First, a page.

Terms included U.S. Citizenship and Immigration Service abbreviations such as OPT (Optional Practical Training) and CPT (Curricular Practical Training). Under the Immigration and Nationality Act, it's illegal for employers to discriminate against job candidates based on their citizenship status.

Fifty-seven of the Dice.com ads offered green cards, the report says.  "What struck me the most was the brazenness and magnitude of [these kind of ads]," says Conroy."

LiveMint (India)
"The issue of job advertisements aimed at foreign workers recently made national headlines in the US, after a Chicago-based non-governmental organization, Bright Futures, published a report highlighting the issue last week. Called No Americans Need Apply, the report drew attention to more than 100 job postings on a prominent information technology (IT) job site, Dice.com, specifically requesting visa holders, such as H-1B, L-1, and OPT (a category of work visa given to foreign students), in the headlines of the job postings.

The report also drew attention to growing numbers of “OPT recruiter” positions posted by American companies with openings in the US and India. “This clearly discriminates against Americans,” said Donna Conroy, the report’s writer. Bright Futures wants the Equal Employment Opportunity Commission, a federal agency established to prevent workplace discrimination based on race, colour, national origin, religion, sex, age or disability, to start cracking down on such job ads, Conroy said. “What we are trying to do is update those laws to include the elimination of visa terms in a job ad. Visa terms don’t define jobs or skills—they only exclude American workers.”"

Center for Immigration Studies
IT Employers’ Coded Ads: “No Americans Need Apply”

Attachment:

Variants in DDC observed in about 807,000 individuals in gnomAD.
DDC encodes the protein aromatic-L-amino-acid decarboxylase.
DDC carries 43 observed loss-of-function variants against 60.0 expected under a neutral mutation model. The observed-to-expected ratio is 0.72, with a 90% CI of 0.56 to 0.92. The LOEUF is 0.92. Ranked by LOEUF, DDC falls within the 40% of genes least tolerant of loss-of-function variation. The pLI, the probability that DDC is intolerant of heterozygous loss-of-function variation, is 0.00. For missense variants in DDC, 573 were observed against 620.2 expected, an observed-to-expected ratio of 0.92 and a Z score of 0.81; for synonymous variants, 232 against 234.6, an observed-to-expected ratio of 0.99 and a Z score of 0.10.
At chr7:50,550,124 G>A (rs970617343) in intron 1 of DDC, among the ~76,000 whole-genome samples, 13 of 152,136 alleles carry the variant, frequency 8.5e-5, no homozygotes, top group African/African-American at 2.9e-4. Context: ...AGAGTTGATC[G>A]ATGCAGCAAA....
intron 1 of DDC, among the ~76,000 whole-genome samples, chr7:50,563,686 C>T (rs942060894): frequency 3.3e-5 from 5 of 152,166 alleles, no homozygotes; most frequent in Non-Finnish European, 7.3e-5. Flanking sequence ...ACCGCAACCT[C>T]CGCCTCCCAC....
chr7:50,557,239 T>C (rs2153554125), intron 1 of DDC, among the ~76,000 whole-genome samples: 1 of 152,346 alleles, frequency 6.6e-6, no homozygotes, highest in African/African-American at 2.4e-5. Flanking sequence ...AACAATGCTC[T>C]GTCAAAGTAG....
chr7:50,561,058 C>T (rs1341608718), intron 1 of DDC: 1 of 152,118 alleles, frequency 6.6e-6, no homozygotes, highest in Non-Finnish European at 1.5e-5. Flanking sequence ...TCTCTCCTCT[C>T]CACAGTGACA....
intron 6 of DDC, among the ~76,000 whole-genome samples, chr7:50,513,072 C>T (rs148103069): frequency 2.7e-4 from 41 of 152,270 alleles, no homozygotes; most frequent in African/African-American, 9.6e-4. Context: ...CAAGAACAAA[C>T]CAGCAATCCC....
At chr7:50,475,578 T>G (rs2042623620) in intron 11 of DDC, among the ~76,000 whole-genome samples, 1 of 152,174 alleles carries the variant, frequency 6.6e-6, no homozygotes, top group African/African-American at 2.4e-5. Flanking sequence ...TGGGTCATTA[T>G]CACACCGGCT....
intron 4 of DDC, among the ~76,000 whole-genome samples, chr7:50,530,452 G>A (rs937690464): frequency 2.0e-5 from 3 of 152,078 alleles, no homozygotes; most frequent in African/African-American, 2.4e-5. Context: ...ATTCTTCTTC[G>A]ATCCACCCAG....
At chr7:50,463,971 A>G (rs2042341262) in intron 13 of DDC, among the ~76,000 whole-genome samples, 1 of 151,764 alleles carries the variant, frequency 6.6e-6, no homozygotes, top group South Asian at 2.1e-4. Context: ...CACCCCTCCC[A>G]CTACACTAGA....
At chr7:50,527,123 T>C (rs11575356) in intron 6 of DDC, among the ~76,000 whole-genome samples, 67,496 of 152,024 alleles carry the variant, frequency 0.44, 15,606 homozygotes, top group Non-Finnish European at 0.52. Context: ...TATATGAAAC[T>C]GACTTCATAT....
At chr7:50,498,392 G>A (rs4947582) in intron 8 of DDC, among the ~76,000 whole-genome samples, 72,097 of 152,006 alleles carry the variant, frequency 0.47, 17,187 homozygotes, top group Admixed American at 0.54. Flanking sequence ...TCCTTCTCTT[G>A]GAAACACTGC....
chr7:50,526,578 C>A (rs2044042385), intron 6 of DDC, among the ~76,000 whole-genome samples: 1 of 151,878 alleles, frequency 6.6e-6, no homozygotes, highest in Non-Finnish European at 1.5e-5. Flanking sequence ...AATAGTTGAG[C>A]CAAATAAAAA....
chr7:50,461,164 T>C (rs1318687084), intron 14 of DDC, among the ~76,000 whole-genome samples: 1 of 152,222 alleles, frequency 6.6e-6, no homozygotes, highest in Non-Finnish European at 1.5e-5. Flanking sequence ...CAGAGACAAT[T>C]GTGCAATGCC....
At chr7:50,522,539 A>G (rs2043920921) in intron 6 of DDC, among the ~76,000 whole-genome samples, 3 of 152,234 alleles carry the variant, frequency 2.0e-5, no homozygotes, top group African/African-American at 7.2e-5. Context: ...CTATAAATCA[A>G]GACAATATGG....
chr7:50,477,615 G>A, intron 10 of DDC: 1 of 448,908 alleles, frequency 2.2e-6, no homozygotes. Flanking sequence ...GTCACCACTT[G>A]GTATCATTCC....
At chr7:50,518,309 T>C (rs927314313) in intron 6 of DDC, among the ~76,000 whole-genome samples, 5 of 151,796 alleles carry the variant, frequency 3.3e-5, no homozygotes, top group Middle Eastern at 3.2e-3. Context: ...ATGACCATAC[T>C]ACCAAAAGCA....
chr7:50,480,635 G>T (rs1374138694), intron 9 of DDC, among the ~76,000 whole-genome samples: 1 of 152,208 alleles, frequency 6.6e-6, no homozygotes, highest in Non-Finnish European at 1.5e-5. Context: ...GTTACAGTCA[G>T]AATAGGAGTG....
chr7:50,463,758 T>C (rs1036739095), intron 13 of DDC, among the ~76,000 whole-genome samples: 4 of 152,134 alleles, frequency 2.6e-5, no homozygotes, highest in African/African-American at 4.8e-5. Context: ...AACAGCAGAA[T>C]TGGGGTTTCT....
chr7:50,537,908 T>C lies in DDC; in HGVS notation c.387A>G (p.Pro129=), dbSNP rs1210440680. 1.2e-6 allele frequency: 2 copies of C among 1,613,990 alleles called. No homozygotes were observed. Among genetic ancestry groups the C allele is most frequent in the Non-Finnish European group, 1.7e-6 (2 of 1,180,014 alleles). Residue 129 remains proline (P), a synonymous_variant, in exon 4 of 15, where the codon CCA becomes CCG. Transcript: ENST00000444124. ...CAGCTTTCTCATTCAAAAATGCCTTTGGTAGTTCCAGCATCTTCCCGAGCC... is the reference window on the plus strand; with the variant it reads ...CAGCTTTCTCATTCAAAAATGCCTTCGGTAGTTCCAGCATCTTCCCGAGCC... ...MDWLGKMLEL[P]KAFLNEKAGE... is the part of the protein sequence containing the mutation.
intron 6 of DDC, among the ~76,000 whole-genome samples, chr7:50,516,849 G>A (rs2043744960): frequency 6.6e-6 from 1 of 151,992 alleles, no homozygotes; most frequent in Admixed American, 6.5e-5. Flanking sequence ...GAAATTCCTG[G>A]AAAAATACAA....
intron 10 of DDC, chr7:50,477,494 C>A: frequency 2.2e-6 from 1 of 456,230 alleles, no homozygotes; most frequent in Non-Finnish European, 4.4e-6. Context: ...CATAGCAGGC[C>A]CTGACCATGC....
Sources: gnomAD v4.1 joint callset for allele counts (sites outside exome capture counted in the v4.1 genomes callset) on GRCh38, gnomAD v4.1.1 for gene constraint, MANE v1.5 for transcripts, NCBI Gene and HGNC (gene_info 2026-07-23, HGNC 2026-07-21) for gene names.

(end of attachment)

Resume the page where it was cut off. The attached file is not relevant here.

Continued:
"Suppose you are a computer programmer, and a citizen, and you are looking for a job. You are reading the classified ads where information technology firms advertise for people with your skills. You see an ad with this headline: "Hiring OPT/CPT/L2 EAD/TN/H1 candidates for Full Time".

You will probably ignore the ad because the initials mean nothing to you, even though had you looked closely in the small print you would have found a reference to your skills."

CIO Magazine
Many rank-and-file IT professionals laud the legislation. "The Durbin bill will put a stop to the outsourcing of American jobs and the discrimination against American IT professionals," says Donna Conroy, a former IT professional and director of Bright Future Jobs, a grassroots lobbying group for American IT workers. "This bill was written for us."

Each provision is important to Conroy and her group's constituents—an end to "H-1B only" job ads and caps on the total percentage of H-1B professionals on staff in a company. She adds, "But the stealth provision—preventing body shops from farming out their visa workers—will, in effect, end the despicable practice of forcing us to train our foreign replacements."